Jess can’t afford privacy, so he says, “I did an online search to find everything I could.” She has purchased unregulated hormones for the past 10 months and she is talking on the forums to chat with other transgender teens about her experience of purchasing hormones online. say. She is aware of the dangers and she admits that “word-of-mouth” is the only way she knows about the safety of what she is taking. The NHS says that if a drug purchased online comes from an unregistered website (a website that does not allow the sale of the drug), it may become outdated, diluted, or counterfeited. It warns that it may be dangerous.
• Little evidence of puberty suppressant use
• Puberty inhibitors: NHS establishes independent review group
In the UK, there are two clinics under the age of 18 in London and Leeds, known as the Gender Identity Development Service (GUI) operated by the Tavistock and Portman NHS Foundation Trust. There are seven other adult clinics. The London Under 18 Clinic website states that it contains reservations for people introduced in October 2017. That is, people have been waiting for more than three years.
Alex, 18 years old, who was 17 years old at the time of shooting, was one of them. He spent almost two and a half years on the waiting list before he and his mother Kelly decided that the best option was to go private. At the time of recording, he was taking testosterone for 6 weeks. The monthly cost of private treatment is over £ 100, which means Kelly has made a move to pay for it, but she prefers it to Alex dare to use an unknown drug from the internet. Is called.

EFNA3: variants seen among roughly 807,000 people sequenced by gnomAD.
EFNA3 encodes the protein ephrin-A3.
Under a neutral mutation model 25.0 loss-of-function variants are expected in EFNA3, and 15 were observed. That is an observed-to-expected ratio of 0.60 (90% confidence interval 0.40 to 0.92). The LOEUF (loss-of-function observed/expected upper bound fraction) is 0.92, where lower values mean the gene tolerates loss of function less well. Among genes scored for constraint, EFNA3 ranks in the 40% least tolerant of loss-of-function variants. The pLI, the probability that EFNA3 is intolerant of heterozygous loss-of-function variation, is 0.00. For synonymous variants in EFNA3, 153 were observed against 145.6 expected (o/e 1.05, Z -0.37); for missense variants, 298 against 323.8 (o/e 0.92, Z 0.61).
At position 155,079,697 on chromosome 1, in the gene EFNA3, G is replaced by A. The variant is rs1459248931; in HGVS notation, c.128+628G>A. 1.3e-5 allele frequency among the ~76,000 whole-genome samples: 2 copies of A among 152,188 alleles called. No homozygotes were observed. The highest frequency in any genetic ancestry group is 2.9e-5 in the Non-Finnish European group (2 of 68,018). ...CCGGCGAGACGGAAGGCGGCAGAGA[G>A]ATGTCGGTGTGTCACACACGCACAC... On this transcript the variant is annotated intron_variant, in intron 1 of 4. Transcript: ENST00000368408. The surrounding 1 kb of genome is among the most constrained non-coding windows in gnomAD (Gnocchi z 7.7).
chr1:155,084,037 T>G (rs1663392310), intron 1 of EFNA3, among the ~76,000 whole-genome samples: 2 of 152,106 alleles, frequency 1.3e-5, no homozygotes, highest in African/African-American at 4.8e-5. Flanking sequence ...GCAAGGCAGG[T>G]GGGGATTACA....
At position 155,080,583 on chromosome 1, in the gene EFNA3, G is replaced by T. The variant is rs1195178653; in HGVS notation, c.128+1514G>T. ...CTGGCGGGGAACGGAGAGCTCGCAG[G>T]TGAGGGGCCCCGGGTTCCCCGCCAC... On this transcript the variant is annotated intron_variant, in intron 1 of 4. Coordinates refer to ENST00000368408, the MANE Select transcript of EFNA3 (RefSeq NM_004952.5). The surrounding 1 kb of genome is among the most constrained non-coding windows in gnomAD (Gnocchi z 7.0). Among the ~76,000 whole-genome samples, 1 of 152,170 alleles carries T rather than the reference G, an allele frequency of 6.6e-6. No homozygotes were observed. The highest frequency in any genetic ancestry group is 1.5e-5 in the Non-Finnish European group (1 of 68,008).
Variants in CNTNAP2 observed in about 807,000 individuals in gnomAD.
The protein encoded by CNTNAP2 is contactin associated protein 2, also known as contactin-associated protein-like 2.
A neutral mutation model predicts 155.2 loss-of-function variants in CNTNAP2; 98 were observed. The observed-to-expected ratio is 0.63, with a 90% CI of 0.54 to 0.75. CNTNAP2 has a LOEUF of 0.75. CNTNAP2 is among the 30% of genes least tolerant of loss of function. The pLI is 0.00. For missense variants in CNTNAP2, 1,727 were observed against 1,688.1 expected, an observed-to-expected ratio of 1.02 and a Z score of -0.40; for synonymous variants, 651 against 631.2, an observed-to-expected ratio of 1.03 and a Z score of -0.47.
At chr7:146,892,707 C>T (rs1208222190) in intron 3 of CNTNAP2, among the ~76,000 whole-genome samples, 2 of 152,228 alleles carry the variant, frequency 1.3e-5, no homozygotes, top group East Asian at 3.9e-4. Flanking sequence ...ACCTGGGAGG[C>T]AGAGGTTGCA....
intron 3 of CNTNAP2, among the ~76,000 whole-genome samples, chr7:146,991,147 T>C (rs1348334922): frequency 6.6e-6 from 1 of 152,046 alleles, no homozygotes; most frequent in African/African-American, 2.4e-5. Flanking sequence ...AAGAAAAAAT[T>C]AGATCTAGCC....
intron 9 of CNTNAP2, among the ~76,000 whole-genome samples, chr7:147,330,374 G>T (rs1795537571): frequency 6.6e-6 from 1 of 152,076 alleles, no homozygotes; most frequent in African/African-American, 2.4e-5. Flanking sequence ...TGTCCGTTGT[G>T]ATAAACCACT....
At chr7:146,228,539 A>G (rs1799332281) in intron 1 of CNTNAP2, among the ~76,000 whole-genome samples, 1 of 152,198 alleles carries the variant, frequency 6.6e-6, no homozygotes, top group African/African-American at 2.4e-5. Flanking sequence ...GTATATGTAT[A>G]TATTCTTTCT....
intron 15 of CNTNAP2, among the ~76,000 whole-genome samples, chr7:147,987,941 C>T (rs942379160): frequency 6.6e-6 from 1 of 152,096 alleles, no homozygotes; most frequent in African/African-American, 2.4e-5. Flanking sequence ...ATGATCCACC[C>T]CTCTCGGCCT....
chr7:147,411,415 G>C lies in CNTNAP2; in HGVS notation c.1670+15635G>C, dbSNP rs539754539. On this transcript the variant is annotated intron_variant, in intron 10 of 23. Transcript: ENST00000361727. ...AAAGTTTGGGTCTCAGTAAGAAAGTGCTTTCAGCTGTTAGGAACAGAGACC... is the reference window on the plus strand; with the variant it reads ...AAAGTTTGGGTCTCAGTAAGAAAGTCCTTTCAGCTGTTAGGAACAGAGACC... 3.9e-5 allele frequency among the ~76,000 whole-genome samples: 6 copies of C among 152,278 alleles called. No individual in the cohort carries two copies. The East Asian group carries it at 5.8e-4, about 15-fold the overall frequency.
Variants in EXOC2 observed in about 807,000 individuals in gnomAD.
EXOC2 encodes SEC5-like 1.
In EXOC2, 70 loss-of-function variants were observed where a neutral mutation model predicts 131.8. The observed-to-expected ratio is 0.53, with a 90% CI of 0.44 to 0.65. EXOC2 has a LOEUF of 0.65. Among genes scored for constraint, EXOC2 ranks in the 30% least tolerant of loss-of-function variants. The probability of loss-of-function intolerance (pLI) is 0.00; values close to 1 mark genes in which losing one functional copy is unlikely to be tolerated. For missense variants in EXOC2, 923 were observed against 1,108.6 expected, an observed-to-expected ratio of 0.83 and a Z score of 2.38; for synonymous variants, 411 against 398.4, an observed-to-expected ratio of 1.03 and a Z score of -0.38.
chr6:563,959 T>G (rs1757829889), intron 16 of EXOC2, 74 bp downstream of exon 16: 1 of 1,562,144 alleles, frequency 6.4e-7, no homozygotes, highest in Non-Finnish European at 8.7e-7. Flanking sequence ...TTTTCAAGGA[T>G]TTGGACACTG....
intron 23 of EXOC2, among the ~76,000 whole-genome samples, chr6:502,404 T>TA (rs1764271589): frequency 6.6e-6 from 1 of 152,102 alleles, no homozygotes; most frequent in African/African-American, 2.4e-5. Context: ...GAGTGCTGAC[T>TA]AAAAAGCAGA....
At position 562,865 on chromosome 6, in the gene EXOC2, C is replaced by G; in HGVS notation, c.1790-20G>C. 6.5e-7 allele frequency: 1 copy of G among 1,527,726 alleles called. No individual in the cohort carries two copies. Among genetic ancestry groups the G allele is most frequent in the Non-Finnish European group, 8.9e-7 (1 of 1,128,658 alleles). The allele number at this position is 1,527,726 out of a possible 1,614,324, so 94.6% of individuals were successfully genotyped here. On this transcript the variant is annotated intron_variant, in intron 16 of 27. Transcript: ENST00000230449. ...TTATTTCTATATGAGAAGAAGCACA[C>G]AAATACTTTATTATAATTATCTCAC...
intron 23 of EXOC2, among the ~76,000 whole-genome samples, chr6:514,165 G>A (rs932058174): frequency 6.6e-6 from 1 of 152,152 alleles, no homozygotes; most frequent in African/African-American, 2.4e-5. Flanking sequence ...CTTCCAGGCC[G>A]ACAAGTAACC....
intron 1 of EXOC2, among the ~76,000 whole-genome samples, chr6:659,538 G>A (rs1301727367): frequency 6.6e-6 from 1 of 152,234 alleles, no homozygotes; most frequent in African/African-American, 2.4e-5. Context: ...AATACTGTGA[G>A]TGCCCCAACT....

‘[Self-medication] knocks me out. Rather than letting Alex take something that could really hurt his health, I want to go without doing anything, “says Kelly. “It’s a medicine that helps my son stay in his right body. It’s very easy.”
I feel like I’m disappointed with my son
However, taking hormones not prescribed by the NHS GP is costly, whether from a private clinic or from the black market. Alex’s hormones come from another source, so his doctor doesn’t do the blood and hormone level tests needed to make sure he’s healthy at the dose he’s taking. .. This means that a blood test costs £ 250 a year and a hormone test costs £ 50 four times a year.
For Alex, the problem wasn’t just financial. She experienced a setback when she finally made an appointment with a sex clinic after 30 months on her waiting list.
“It’s not the NHS protocol to use testosterone, so I advised you to stop and take puberty suppressants instead, in which case she can use testosterone,” Kelly explains. Or wait 18 months for a referral to an adult service.
“But he’s starting to see the changes that suit him, so there’s no option to quit. [To keep me secret] Thinking about the next few years to find money can help me. I can’t argue because I can’t, and I can’t help Alex, but I feel like I’m failing my son. ”
The reason Alex is advised to stop taking hormones is that the NHS protocol provides psychological help to children under the age of 16 and sometimes provides puberty inhibitors (drugs that stop the onset of puberty). .. Medically … often because gender behaviors and emotions disappear when a child reaches puberty. ”
According to the NHS website, people aged 16 and 17 can take cross-sex hormones, but only after taking sunscreen for 12 months. At the age of 17, Alex did not take blockers and went private about hormones. That is, she had to wait until she was 18 to be seen on the NHS Gender Identity Service.